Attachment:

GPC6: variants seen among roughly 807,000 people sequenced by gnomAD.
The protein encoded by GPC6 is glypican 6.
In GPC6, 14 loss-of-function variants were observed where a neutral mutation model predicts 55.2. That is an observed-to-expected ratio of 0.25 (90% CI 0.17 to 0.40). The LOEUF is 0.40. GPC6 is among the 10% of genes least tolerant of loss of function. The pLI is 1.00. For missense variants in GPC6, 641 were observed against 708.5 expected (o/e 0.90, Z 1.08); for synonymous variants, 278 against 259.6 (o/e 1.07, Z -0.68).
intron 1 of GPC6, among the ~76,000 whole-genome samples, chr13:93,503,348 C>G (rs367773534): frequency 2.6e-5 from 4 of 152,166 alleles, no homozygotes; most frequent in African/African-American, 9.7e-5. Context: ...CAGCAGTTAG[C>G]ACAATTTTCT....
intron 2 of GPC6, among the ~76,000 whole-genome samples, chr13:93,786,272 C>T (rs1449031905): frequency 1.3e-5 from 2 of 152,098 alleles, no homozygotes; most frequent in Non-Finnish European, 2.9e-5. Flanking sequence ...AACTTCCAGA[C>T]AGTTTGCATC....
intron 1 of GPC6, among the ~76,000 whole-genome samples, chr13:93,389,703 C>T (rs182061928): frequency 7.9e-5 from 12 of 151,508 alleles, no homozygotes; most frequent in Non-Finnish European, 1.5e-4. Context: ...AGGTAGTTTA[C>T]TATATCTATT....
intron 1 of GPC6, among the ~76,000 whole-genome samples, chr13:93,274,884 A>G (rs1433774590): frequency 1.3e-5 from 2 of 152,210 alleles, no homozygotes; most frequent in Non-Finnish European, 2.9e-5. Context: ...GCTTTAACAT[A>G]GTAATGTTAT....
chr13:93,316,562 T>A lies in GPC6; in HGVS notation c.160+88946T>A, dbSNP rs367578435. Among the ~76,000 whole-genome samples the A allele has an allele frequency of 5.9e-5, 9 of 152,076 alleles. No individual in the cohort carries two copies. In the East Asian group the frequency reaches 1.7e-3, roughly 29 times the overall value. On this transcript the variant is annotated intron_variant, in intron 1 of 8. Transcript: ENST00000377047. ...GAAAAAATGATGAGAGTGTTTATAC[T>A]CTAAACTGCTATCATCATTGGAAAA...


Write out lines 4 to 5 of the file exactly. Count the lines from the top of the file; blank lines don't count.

intron 1 of GPC6, among the ~76,000 whole-genome samples, chr13:93,503,348 C>G (rs367773534): frequency 2.6e-5 from 4 of 152,166 alleles, no homozygotes; most frequent in African/African-American, 9.7e-5. Context: ...CAGCAGTTAG[C>G]ACAATTTTCT....
intron 2 of GPC6, among the ~76,000 whole-genome samples, chr13:93,786,272 C>T (rs1449031905): frequency 1.3e-5 from 2 of 152,098 alleles, no homozygotes; most frequent in Non-Finnish European, 2.9e-5. Flanking sequence ...AACTTCCAGA[C>T]AGTTTGCATC....